Because he's my friend, I listened very patiently to his analysis of the current political environment, and, because he's my friend, I thought it was necessary to level with him about what I truly thought. So I told him straight out that Santorum had about as much of a chance of winning nomination as I did, because a), he's batshit crazy, b), he wears vests and Americans don't elect dorks in vests, and c), he maintains a weirdly "anti-contraception" stance that is so dark-ages and Salem Witch Trial-esque that no rational human being in 2012 can really take him seriously. And I have to admit, this last bit really resonated with me, and so I elucidated on the point more expansively with my friend. Sure, I said, Santorum's against contraception because it's easy for him: Who in God's name wants to ---- Rick Santorum? But what about the rest of us, mildly attractive, sexual beings? Don't we count? Don't we deserve a voice? I told him that the religious "morality" voters were totally overvalued and that he shouldn't, in today's political climate, underestimate the power of the profligate, degenerate debauchers' vote, which could turn out to be the swing block that determines the 2012 election.
It'll probably surprise a number of my extreme left friends to report that my Evangelical buddy absolutely roared at this last bit, especially the part about Santorum's colossal asexuality. We riffed on the notion of Santorum's creepy sex life for a while, taking the joke and expanding it, discovering new tangents for it, trying to top each other with every addition. One of the bonding elements of our friendship has always been an appreciation for perverse, sick humor, and that certainly hasn't changed though my friend has become, over the years, more right-winged and conservative. We still agree on the essentials, and humor is an essential. I think it's become too easy to diminish people in our minds, to reduce the complexity of a fully-formed person into a simple stereotype or a cliche: i.e., Evangelicals are somehow unequipped to accept or laugh at "blue" or off-color humor. We tend to forget that people are resolutely three-dimensional and interesting and capable of holding contradictory attitudes and surprises. It's what makes people so much fun to examine, this unpredictability, and it's always a joy to unearth something new in a much-loved friend's personality.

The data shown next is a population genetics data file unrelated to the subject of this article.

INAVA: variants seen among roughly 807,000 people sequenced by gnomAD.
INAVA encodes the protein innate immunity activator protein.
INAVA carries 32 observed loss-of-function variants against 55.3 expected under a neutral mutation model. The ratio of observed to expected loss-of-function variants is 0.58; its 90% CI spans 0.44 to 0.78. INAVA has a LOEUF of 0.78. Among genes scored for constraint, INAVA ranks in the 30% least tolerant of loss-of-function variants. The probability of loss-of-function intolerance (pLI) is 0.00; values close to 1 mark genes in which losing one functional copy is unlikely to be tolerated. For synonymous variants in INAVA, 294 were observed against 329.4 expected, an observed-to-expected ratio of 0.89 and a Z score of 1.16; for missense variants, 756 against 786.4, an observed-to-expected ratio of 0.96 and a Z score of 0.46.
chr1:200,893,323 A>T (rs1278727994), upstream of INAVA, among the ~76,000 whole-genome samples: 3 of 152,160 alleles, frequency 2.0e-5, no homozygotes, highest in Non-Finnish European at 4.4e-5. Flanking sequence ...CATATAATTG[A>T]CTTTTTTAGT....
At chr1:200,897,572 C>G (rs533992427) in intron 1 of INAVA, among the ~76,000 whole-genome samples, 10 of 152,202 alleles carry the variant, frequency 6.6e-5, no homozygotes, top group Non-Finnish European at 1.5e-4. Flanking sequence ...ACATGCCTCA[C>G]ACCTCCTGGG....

Obviously, I disagree with my friend about almost everything in politics, and I have to admit that it took me a long-time to get over my friend's initial "born-again" status after his conversion (we had been friends before the big change, and then cooled immediately after it: I was totally freaked.) Thankfully, I grew up a tiny bit, and gradually realized that while my friend had become an Evangelical, that didn't mean that our friendship had to become "Evangelical" — it could still be what it always was, an affiliation based on warmth, trust, affection, humor, consideration. I discovered that it would be a shame if I allowed something as trivial as political or religious beliefs to come between a great friendship.